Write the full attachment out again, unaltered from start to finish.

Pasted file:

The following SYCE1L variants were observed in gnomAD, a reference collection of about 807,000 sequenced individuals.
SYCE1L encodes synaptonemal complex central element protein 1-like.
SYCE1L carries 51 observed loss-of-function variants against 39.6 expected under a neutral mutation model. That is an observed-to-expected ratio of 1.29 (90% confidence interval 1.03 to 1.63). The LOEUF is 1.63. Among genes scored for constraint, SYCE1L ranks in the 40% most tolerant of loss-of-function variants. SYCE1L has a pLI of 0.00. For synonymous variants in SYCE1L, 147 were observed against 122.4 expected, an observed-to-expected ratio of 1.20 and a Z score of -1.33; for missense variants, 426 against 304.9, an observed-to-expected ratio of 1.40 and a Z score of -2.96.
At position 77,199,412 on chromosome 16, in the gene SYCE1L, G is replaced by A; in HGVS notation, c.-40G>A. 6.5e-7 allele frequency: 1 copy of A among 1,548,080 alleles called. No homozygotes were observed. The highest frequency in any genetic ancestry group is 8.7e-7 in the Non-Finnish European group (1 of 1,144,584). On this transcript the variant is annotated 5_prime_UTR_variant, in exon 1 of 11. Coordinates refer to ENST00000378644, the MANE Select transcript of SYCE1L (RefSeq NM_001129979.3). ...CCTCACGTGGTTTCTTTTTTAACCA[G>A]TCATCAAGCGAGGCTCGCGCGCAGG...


The following SYCE1L variants were observed in gnomAD, a reference collection of about 807,000 sequenced individuals.
SYCE1L encodes synaptonemal complex central element protein 1-like.
SYCE1L carries 51 observed loss-of-function variants against 39.6 expected under a neutral mutation model. That is an observed-to-expected ratio of 1.29 (90% confidence interval 1.03 to 1.63). The LOEUF is 1.63. Among genes scored for constraint, SYCE1L ranks in the 40% most tolerant of loss-of-function variants. SYCE1L has a pLI of 0.00. For synonymous variants in SYCE1L, 147 were observed against 122.4 expected, an observed-to-expected ratio of 1.20 and a Z score of -1.33; for missense variants, 426 against 304.9, an observed-to-expected ratio of 1.40 and a Z score of -2.96.
At position 77,199,412 on chromosome 16, in the gene SYCE1L, G is replaced by A; in HGVS notation, c.-40G>A. 6.5e-7 allele frequency: 1 copy of A among 1,548,080 alleles called. No homozygotes were observed. The highest frequency in any genetic ancestry group is 8.7e-7 in the Non-Finnish European group (1 of 1,144,584). On this transcript the variant is annotated 5_prime_UTR_variant, in exon 1 of 11. Coordinates refer to ENST00000378644, the MANE Select transcript of SYCE1L (RefSeq NM_001129979.3). ...CCTCACGTGGTTTCTTTTTTAACCA[G>A]TCATCAAGCGAGGCTCGCGCGCAGG...